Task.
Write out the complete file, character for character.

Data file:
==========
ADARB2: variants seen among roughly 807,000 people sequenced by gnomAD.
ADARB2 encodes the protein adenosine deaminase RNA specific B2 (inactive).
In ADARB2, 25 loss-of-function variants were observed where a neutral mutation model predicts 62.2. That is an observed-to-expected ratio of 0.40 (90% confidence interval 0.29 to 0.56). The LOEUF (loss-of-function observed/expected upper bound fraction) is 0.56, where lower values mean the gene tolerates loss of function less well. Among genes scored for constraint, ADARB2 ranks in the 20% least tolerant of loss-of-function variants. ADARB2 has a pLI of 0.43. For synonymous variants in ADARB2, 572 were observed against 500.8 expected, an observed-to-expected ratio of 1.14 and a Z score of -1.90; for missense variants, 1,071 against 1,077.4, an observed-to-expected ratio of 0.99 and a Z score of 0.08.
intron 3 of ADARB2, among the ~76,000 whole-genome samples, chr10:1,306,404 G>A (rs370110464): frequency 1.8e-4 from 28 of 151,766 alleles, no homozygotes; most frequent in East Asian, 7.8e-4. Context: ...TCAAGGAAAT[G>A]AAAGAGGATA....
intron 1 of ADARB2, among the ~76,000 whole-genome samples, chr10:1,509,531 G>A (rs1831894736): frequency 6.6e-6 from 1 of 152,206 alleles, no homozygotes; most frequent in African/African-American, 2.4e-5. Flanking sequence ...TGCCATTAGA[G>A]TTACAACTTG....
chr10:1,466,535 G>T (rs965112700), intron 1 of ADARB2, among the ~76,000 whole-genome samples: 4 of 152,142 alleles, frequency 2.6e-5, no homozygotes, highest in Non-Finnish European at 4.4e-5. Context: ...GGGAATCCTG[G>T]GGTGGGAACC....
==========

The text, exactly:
ADARB2: variants seen among roughly 807,000 people sequenced by gnomAD.
ADARB2 encodes the protein adenosine deaminase RNA specific B2 (inactive).
In ADARB2, 25 loss-of-function variants were observed where a neutral mutation model predicts 62.2. That is an observed-to-expected ratio of 0.40 (90% confidence interval 0.29 to 0.56). The LOEUF (loss-of-function observed/expected upper bound fraction) is 0.56, where lower values mean the gene tolerates loss of function less well. Among genes scored for constraint, ADARB2 ranks in the 20% least tolerant of loss-of-function variants. ADARB2 has a pLI of 0.43. For synonymous variants in ADARB2, 572 were observed against 500.8 expected, an observed-to-expected ratio of 1.14 and a Z score of -1.90; for missense variants, 1,071 against 1,077.4, an observed-to-expected ratio of 0.99 and a Z score of 0.08.
intron 3 of ADARB2, among the ~76,000 whole-genome samples, chr10:1,306,404 G>A (rs370110464): frequency 1.8e-4 from 28 of 151,766 alleles, no homozygotes; most frequent in East Asian, 7.8e-4. Context: ...TCAAGGAAAT[G>A]AAAGAGGATA....
intron 1 of ADARB2, among the ~76,000 whole-genome samples, chr10:1,509,531 G>A (rs1831894736): frequency 6.6e-6 from 1 of 152,206 alleles, no homozygotes; most frequent in African/African-American, 2.4e-5. Flanking sequence ...TGCCATTAGA[G>A]TTACAACTTG....
chr10:1,466,535 G>T (rs965112700), intron 1 of ADARB2, among the ~76,000 whole-genome samples: 4 of 152,142 alleles, frequency 2.6e-5, no homozygotes, highest in Non-Finnish European at 4.4e-5. Context: ...GGGAATCCTG[G>T]GGTGGGAACC....